I recently came across this site, All For the Boys, which hosts a weekly Fort Friday post. It’s awesome, and if your kids like building forts you’ll get all sorts of inspiration over there. Not to mention, Allison takes photo submissions and might include your fort on her site. In her words: “If you want to share a photo of your fort to inspire us send them to info[at]allfortheboys[dot]com and I’ll share them here on Fort Friday.”

Do your kids like to build forts? What do you like to make them with?


Paper Bag Museum

In case you missed yesterday’s post, we’re hosting a super fun Paper Bag Creative Challenge that brought over 50 kid-directed paper bag projects together in one spot. Today I’m excited to share our own take on the challenge.

paper bag art oil pastels

This is how our art table looked the other morning.

paper bag art table

Me and the girls crafting up a paper bag collage storm.

My one year old colored paper bags with oil pastels and glued hearts and sequins to a paper bag while my 3 year old went to town — all day long — making paper bag collages that quickly took up all the ceiling space in the room.

collage installation

My 3-year old, N, called these her Valentine Collages and Paper Bag Art. She recently picked up on how museums have multiples of one type of thing, and decided that this would be her Paper Bag Museum. In case you’re wondering, I was told that it was okay that some of the things in the museum weren’t made with paper bags. She’s the curator, so I couldn’t really argue with that.

paper bag museum

We set up a Vistor Services Desk with information about our admission policies and hours. It’s really important for people to know that they can’t hang out in our house at dinner!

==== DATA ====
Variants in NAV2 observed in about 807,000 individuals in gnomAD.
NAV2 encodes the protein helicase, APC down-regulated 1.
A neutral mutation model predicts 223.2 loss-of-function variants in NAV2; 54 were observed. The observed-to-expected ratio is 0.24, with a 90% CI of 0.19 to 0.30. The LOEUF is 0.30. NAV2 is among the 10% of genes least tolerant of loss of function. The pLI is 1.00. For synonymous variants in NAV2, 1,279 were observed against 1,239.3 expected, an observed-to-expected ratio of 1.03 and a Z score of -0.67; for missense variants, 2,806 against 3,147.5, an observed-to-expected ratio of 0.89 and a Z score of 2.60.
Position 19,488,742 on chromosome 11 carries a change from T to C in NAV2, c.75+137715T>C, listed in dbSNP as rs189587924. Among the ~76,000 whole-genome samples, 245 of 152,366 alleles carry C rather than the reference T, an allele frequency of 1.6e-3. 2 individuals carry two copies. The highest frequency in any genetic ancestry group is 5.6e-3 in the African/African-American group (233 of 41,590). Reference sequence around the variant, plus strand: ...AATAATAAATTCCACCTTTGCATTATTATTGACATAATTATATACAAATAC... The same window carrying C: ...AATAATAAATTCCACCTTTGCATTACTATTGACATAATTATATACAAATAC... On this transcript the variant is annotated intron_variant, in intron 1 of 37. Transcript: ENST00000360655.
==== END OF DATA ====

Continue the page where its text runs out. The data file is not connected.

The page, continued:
paper bag museum

We gathered up all the paper bag creations that weren’t hanging from the beams and displayed them here. Maps are in the basket on the left and she set up an interactive activity in the paper bag “basket.” More on that in a sec.

paper bag museum maps

We talked about how museums share all sorts of informative collateral for visitors to pick up, like maps, schedules, and catalogues. I cut a big paper grocery bag into squares and she decided to turn them into maps. To make this map, we started with a “you are here” dot, and then she added trails into the various rooms of our house, also marked by dots.

paper bag museum maps

But why stop with one map when you’re expected a big audience!

interactive museum prompt with kids

Then she handed me a stack of post-its and dictated this participatory prompt to me.

The museum educator in me was so proud!

This wasn’t going to be some stuffy old museum — oh no, she was thinking about her visitors’ experience and wanted to make sure their voices were heard!

paper bag museum

Our first visitor woke up from her nap just in time for the opening, and got right to work with a drawing. The prompt worked!

The museum is now closed for the installation of a new show. My one year old is enamored by fish, so maybe we’ll figure out a way to build her an Aquarium!

What’s your child’s favorite kind of museum? Could you set up an imaginative play area based on it?


If you’re interested in reading more about participatory museums, Museum 2.0 is one of my favorite sites, and it’s run by Nina Simon, Executive Director of The Museum of Art & History in Santa Cruz and author of The Participatory Museum.